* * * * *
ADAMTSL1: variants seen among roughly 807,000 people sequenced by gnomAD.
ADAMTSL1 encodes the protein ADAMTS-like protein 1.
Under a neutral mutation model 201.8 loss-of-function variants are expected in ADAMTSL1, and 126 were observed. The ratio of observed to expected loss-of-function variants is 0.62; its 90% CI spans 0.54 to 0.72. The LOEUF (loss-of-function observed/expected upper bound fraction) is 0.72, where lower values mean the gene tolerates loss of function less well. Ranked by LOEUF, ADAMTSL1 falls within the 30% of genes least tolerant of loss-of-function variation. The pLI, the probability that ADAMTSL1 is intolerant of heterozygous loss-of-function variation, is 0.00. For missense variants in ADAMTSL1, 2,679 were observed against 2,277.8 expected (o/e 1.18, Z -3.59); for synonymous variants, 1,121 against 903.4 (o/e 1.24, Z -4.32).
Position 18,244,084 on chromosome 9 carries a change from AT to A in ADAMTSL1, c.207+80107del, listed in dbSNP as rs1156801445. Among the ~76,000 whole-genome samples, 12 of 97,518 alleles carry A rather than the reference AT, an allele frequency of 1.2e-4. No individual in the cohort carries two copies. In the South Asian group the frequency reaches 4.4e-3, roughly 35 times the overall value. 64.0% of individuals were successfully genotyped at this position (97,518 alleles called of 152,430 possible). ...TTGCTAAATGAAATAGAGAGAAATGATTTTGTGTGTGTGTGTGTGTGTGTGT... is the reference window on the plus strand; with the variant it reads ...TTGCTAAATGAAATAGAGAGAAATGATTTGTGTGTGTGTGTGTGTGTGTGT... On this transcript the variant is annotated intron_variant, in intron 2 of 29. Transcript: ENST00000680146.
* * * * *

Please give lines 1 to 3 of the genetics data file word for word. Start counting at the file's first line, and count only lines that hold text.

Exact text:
ADAMTSL1: variants seen among roughly 807,000 people sequenced by gnomAD.
ADAMTSL1 encodes the protein ADAMTS-like protein 1.
Under a neutral mutation model 201.8 loss-of-function variants are expected in ADAMTSL1, and 126 were observed. The ratio of observed to expected loss-of-function variants is 0.62; its 90% CI spans 0.54 to 0.72. The LOEUF (loss-of-function observed/expected upper bound fraction) is 0.72, where lower values mean the gene tolerates loss of function less well. Ranked by LOEUF, ADAMTSL1 falls within the 30% of genes least tolerant of loss-of-function variation. The pLI, the probability that ADAMTSL1 is intolerant of heterozygous loss-of-function variation, is 0.00. For missense variants in ADAMTSL1, 2,679 were observed against 2,277.8 expected (o/e 1.18, Z -3.59); for synonymous variants, 1,121 against 903.4 (o/e 1.24, Z -4.32).